We are in 2018, and machine translation (MT) is taking more and more space in the translation industry. Its proponents (mostly LSPs) see in it the future of translation, whereas its detractors (mostly translators) are most reluctant when it comes to it. The Globalization and Localization Association (GALA) explained that in 2016, SDL claimed that “it translates 20 times more content with MT than with human teams”. It is obvious that MT has a lot of advantages but also a lot of drawbacks to keep in mind.

The Pros of Machine Translation

Let’s be real here: MT does have serious advantages that cannot be denied:

  • Cost: When you take free MT software like Google Translate, Bing or DeepL, you just have to input the word, sentence or small text you want to translate and tada! In a matter of seconds, you’ll get your translation. A translator will never work for free as he or she has worked several years to reach a level of quality (without mentioning his/her studies)
  • Speed: As mentioned above, you’ll get your translation in the fastest way possible. It can be particularly useful if you have a big text and you’re just trying to get the general meaning of it or if you’ll need this translation for your personal use (e.g. research). According to global LSP metrics, a translator can translate around 280 words per hour, depending of the content and the level of specialization.
  • Languages: You can translate from multiple source languages to multiple target languages with just one tool. If you’re of an inquisitive mindset on any given day, you can even try to translate to languages you didn’t even know existed. A translator, to ensure the best quality, will always translate to his/her mother tongue and most translators can translate from 2 or 3 languages.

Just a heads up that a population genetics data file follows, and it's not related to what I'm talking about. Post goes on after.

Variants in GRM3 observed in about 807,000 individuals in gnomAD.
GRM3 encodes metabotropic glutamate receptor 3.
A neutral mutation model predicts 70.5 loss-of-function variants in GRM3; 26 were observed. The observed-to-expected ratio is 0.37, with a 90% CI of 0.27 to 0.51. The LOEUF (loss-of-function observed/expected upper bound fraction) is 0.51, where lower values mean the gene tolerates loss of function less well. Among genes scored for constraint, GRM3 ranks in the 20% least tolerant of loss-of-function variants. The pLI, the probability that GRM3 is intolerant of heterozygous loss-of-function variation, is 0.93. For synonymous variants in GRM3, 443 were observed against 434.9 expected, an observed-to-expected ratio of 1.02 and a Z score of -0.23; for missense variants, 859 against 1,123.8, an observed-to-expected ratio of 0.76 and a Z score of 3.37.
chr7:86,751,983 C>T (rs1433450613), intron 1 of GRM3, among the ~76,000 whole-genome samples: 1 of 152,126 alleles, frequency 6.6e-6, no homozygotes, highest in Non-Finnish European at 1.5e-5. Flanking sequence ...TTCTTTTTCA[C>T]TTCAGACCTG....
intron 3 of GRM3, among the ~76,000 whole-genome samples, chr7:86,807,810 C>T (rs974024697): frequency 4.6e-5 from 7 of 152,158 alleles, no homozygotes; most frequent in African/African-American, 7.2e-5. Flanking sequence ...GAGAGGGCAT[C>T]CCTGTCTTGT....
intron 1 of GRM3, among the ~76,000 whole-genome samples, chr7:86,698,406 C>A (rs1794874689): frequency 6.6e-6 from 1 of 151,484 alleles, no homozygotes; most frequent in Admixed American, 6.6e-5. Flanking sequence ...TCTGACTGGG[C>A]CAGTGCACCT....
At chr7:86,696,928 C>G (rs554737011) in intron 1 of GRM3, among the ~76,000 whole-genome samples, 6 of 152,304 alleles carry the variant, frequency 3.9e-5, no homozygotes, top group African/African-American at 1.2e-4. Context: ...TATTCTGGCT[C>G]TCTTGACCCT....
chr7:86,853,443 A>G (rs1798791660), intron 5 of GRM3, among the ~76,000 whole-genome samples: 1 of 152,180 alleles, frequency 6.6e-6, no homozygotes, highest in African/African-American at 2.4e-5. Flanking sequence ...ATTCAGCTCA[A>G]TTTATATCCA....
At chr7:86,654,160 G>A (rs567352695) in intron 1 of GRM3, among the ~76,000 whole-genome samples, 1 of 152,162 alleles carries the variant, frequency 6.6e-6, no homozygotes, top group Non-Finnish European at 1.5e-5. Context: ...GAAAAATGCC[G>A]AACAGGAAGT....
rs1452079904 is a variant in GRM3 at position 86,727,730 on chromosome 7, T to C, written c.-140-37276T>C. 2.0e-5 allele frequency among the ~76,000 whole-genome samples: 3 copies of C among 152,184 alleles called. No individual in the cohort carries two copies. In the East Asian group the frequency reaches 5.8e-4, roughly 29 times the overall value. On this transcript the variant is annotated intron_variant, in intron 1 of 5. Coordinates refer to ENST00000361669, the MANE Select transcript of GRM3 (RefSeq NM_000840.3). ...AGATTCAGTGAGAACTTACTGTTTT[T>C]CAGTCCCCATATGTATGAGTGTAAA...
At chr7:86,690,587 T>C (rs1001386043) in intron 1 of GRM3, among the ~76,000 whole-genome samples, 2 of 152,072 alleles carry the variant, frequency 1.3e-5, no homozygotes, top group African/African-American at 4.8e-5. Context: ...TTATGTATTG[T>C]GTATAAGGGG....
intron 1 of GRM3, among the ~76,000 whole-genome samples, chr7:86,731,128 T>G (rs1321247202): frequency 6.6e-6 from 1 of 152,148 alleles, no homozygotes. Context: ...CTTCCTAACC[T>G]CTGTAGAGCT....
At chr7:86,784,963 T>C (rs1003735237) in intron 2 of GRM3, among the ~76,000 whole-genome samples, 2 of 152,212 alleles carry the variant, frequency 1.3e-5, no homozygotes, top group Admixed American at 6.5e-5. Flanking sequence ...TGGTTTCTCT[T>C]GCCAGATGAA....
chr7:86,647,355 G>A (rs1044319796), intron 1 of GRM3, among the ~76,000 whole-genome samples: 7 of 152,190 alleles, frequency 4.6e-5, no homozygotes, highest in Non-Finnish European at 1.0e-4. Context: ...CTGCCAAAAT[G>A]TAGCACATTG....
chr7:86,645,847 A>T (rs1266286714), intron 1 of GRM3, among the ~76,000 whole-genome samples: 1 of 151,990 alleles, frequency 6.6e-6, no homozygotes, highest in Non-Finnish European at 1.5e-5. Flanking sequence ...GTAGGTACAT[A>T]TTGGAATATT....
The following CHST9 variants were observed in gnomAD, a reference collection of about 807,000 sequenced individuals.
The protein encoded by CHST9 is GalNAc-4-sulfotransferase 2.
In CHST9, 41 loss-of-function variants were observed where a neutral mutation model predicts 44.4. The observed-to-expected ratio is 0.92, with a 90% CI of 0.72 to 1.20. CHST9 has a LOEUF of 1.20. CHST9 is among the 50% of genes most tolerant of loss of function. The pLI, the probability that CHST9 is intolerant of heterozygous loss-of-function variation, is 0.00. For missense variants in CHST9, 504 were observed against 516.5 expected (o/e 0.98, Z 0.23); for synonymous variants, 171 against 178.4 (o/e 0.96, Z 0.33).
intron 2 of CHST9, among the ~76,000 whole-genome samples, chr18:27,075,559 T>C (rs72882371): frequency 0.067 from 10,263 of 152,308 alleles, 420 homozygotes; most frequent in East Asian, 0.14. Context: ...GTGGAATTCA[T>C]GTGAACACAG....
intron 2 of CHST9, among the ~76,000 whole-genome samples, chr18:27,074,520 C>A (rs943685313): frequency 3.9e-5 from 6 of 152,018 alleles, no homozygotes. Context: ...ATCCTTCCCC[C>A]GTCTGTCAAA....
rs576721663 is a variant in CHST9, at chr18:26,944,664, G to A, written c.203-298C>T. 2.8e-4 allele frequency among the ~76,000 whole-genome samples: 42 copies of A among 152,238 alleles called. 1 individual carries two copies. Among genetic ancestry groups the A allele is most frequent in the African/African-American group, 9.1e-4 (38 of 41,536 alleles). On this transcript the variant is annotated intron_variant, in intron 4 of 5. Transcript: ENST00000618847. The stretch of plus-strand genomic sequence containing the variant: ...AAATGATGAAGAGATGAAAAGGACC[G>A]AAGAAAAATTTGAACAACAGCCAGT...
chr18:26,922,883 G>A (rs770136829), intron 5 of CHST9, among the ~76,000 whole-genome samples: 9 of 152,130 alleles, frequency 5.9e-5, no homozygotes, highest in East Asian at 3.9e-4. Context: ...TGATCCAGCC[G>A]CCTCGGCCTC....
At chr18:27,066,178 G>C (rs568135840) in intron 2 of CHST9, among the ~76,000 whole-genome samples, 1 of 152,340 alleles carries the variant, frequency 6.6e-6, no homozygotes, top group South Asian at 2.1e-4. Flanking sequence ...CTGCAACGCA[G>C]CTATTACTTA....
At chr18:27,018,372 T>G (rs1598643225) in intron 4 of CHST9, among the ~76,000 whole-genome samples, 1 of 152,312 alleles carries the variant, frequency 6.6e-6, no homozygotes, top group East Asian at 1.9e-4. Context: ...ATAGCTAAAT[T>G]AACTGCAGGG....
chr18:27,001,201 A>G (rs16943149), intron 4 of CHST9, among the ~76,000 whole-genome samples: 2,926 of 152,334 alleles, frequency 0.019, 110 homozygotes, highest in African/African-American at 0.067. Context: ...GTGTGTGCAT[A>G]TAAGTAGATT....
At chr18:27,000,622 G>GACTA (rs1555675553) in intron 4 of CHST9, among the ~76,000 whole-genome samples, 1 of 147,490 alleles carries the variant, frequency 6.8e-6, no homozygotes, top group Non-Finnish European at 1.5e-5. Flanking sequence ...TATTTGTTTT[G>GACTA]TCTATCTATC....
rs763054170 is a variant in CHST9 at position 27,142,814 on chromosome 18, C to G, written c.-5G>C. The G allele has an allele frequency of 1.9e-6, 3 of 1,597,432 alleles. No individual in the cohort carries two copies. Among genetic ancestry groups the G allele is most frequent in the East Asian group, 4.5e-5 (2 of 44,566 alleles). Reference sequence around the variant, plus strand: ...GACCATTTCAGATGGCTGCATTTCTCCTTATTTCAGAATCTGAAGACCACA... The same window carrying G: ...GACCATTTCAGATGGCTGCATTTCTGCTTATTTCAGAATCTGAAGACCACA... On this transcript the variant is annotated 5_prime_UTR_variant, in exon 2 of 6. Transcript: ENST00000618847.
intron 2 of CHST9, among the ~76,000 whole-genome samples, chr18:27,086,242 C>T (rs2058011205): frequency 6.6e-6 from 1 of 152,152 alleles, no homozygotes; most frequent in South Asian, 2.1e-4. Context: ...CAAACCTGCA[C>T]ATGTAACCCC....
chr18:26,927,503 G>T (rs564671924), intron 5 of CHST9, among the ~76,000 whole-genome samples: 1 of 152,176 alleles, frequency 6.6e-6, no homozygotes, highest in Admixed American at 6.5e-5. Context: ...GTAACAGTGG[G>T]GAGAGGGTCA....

The Cons of Machine Translation

Indeed, an MT solution cannot be simply put aside but it does have significant drawbacks:

  • Quality: It is the most obvious drawback and most important. You’ll never get a quality as good as the translation made by a qualified translator. A machine cannot grasp the nuances of the language or the context. It does not have the perspective a human can have on a text and on the translation. To reach an acceptable quality, MT requires “training” of the software, thousands of errors, and thousands of modifications.
  • Editing: Unless the translation is not planned to be released to a specific audience, MT always requires a human step called editing. It is mandatory if you want to obtain something that looks more or less acceptable. However, in a lot of instances, the quality is so bad that the human has to translate everything from scratch as it would be much quicker than trying to edit the existing translation. It generates frustration for the translator who is paid for an editing step, and doing a translation step (for which the cost is much higher) for the client/translation agency will certainly delay the delivery and can create problems.
  • Confidentiality: If you’re considering using free MT softwares to translate a very important merger contract, please don’t. These tools will use your confidential document to enrich their database to be able to give more accurate translations in the future for other users.

So, is it really the perfect solution?

As you were able to see, this is a highly debatable and controversial topic. The perfect solution, which would be available to content translators and clients alike, is yet to be invented. It cannot be denied that MT quality is improving every day and will take a more prominent place in the services offered by LSPs. However, even if translators must adapt to this new era, it remains obvious that it is impossible to get rid of a human step, if you want to offer to your audience the best experience ever with a translation.


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